What's the Human Cost of Climate Change for You and Me?

What about the human cost of climate change?

We hear a lot of talk about how climate change will affect wildlife, the glaciers, the forests.  But have you ever really thought about how climate change will affect us as we go about our lives every day? (Me neither.)

I'm reading a book called Overheated: The Human Cost of Climate Change by Andrew Guzman, a law professor now at UC San Diego, and it's got me thinking about it.

What's a law professor doing talking about climate change? you might wonder. Isn't that a subject for atmospheric chemists and oceanographers? Yes, ordinarily; but the real challenge of climate change in America 2019 is that few of our fellow Americans actually want to listen to scientists! We have become distrustful of science and convinced by profit-oriented news reporting and advertising that the subject of climate change is "controversial" (It's not). Worse, our elected representatives are making policy to match.

Dr. Guzman got the idea that if we could see what climate change would mean to us personally, it would motivate us to make some changes. 

(YOU are already miles ahead of the pack, of course, or you wouldn't be here joining the conversation about electric cars! The single most important thing an individual can do to minimize future climate change is to limit the use of fossil fuels.)  

The relative human cost of climate change all depends on where you live, and how your family makes a living.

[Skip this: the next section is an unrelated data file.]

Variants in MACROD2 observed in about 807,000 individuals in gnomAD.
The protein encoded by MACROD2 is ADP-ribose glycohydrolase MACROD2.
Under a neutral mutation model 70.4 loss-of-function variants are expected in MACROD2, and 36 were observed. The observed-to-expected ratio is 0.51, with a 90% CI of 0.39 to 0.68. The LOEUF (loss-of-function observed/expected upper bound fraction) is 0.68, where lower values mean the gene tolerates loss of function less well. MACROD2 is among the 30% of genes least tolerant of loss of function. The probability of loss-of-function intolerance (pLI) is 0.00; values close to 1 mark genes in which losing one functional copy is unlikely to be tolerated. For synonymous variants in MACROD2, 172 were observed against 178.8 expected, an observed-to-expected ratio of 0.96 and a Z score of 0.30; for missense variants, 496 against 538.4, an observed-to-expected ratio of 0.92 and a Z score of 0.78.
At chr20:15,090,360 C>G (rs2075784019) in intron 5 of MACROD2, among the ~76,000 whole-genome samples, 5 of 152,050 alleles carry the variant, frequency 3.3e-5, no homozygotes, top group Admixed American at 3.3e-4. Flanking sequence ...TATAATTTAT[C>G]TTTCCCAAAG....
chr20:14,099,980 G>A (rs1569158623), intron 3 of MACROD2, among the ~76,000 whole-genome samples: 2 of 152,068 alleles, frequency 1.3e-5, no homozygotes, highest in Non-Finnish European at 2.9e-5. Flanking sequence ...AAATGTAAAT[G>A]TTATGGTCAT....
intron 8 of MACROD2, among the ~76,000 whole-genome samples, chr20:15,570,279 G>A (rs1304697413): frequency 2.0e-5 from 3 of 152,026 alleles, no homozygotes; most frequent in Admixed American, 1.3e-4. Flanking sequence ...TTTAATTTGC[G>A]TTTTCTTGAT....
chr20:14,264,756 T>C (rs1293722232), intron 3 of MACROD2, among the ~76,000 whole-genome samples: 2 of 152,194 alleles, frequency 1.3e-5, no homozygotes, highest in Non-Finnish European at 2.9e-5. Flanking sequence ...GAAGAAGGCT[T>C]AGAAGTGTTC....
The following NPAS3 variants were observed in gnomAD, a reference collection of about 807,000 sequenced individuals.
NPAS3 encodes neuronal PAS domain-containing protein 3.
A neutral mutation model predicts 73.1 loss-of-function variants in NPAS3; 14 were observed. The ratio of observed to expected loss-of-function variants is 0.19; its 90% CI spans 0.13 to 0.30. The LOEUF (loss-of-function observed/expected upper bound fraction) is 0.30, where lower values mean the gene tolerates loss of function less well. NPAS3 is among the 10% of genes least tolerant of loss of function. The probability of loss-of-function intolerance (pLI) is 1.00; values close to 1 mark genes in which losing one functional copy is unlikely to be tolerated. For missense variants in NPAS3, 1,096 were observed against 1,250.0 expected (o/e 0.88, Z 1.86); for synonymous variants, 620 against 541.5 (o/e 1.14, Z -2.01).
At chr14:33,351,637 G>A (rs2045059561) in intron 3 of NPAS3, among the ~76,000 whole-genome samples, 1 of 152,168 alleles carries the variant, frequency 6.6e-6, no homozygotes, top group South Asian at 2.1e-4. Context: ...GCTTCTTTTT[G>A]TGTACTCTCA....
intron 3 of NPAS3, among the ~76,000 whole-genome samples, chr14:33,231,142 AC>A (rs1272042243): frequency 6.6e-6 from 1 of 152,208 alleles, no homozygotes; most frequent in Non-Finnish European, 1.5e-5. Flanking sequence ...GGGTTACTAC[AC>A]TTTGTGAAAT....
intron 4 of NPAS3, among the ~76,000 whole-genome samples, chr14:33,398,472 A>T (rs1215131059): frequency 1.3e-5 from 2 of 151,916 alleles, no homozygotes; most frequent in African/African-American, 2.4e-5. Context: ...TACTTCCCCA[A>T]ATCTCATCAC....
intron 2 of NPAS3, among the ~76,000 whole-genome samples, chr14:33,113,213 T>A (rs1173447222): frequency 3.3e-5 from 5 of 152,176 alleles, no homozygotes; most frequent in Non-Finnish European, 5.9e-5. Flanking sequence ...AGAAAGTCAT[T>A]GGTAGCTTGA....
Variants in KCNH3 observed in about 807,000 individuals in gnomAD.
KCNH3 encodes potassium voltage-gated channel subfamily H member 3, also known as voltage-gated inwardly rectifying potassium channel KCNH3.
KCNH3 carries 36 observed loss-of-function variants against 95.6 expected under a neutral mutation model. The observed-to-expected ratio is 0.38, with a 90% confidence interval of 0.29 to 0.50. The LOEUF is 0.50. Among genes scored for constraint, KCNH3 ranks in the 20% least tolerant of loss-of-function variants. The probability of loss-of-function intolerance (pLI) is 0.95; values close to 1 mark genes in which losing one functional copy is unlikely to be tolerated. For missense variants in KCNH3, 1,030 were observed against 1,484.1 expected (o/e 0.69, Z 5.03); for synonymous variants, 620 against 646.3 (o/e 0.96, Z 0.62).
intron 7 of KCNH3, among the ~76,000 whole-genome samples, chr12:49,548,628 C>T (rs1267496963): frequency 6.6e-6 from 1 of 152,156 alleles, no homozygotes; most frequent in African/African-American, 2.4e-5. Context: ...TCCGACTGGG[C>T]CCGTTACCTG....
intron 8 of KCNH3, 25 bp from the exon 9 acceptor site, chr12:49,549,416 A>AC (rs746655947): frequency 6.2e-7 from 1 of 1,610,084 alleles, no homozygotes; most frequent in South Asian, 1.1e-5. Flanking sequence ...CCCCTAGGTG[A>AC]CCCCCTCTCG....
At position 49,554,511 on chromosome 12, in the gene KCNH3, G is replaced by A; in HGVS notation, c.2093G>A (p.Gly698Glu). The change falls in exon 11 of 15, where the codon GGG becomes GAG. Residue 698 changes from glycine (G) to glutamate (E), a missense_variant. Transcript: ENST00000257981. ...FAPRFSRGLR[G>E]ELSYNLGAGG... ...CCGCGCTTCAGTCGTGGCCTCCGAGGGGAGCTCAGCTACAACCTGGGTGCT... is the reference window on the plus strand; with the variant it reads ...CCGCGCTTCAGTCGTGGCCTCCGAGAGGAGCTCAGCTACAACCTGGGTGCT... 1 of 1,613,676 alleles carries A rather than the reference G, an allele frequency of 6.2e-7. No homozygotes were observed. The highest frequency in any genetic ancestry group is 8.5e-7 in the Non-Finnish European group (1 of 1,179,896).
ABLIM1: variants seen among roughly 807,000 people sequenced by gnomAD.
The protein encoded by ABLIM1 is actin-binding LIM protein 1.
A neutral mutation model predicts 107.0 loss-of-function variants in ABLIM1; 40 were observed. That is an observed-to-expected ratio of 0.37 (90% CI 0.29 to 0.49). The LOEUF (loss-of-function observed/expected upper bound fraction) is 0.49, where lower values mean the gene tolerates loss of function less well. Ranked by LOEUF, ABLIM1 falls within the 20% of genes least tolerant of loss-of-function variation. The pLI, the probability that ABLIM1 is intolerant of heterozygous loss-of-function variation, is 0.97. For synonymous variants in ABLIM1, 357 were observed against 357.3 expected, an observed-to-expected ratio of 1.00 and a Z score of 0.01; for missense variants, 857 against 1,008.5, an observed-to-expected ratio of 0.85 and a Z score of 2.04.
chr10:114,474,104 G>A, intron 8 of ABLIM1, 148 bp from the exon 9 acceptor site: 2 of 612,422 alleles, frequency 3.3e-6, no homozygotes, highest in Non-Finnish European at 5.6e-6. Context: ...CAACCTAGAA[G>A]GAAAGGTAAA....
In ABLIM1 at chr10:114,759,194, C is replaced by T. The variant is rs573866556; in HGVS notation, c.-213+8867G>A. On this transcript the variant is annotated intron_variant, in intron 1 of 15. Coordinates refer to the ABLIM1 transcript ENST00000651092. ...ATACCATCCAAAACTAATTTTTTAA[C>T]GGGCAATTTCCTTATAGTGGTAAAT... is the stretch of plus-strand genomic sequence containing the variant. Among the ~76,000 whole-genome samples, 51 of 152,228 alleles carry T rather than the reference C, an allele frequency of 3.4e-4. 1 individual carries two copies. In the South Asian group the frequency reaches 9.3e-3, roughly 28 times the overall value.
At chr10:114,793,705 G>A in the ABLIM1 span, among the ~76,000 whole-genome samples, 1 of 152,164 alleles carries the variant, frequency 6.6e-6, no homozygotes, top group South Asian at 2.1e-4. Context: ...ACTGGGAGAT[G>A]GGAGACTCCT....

Children will be affected most, of course, because they will be coming into adulthood when the worst of the climate change effects take place. 

Human Cost of Climate Change on Vacation

Some of our favorite places to go on a tropical vacation - Jamaica, Fiji, Barbados, Tuvalu, Maldives - have a big problem: they are facing an increasing threat to their very existence due to climate change.

In the cases of Maldives and Tuvalu, their countries are facing actual extinction, because in the near future, they are likely to be entirely underwater. The whole country is looking to relocate.

These small island states have banded together into an alliance called AOSIS, the Alliance Of Small Island States.

In small island states...

  • Rising seas are eroding the coasts and threatening to contaminate the coastal aquifers with salt water;
  • Oceans are becoming acidified by increasing carbon dioxide in the atmosphere, damaging the coral reefs. Some fisheries rely on species that need the reefs, and the reefs also provide some protection from storms;
  • Increasing severity of tropical storms and hurricanes threaten to destroy homes and businesses. "A single such storm can destroy years of development in a matter of hours," Guzman writes.

 "These countries have contributed trivially to the problem of global warming, and there is nothing they themselves can do to change the course of the earth's climate.

With the exception of Singapore, the members of AOSIS are not only small but also poor and have very limited adaptive capacity.

They have only one hope of reducing the impact of climate change on their already fragile communities: persuade the world's rich and powerful states to do something about the problem."

Cost of Climate Change and Conflagration

You may have noticed that fire season seems to start earlier and earlier every year, and fire danger stretches into latitudes you'd never expect (Antarctica?). A recent Yale Climate Connections article  states that "wildfires are growing in intensity and frequency" and that "climate scientists have correlated the growing incidence and intensity of wildfires with rising global temperatures".